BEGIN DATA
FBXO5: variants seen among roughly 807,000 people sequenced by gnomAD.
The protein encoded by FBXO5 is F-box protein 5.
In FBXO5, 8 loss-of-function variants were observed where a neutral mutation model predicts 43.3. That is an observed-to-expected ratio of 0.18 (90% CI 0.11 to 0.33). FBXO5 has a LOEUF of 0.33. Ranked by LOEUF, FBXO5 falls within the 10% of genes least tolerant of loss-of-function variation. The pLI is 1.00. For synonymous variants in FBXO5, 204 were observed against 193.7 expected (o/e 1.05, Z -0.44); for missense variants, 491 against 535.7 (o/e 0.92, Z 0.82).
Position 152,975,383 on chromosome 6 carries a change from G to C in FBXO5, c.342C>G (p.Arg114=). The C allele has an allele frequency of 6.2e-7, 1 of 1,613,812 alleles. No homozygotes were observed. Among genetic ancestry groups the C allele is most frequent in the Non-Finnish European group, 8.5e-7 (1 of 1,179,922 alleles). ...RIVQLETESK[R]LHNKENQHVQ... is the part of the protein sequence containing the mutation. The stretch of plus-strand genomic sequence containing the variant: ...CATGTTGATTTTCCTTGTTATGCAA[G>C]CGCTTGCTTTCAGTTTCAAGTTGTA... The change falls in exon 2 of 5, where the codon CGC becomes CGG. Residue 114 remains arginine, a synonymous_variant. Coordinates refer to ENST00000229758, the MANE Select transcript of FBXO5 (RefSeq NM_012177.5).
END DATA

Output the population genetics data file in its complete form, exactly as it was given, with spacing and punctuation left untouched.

FBXO5: variants seen among roughly 807,000 people sequenced by gnomAD.
The protein encoded by FBXO5 is F-box protein 5.
In FBXO5, 8 loss-of-function variants were observed where a neutral mutation model predicts 43.3. That is an observed-to-expected ratio of 0.18 (90% CI 0.11 to 0.33). FBXO5 has a LOEUF of 0.33. Ranked by LOEUF, FBXO5 falls within the 10% of genes least tolerant of loss-of-function variation. The pLI is 1.00. For synonymous variants in FBXO5, 204 were observed against 193.7 expected (o/e 1.05, Z -0.44); for missense variants, 491 against 535.7 (o/e 0.92, Z 0.82).
Position 152,975,383 on chromosome 6 carries a change from G to C in FBXO5, c.342C>G (p.Arg114=). The C allele has an allele frequency of 6.2e-7, 1 of 1,613,812 alleles. No homozygotes were observed. Among genetic ancestry groups the C allele is most frequent in the Non-Finnish European group, 8.5e-7 (1 of 1,179,922 alleles). ...RIVQLETESK[R]LHNKENQHVQ... is the part of the protein sequence containing the mutation. The stretch of plus-strand genomic sequence containing the variant: ...CATGTTGATTTTCCTTGTTATGCAA[G>C]CGCTTGCTTTCAGTTTCAAGTTGTA... The change falls in exon 2 of 5, where the codon CGC becomes CGG. Residue 114 remains arginine, a synonymous_variant. Coordinates refer to ENST00000229758, the MANE Select transcript of FBXO5 (RefSeq NM_012177.5).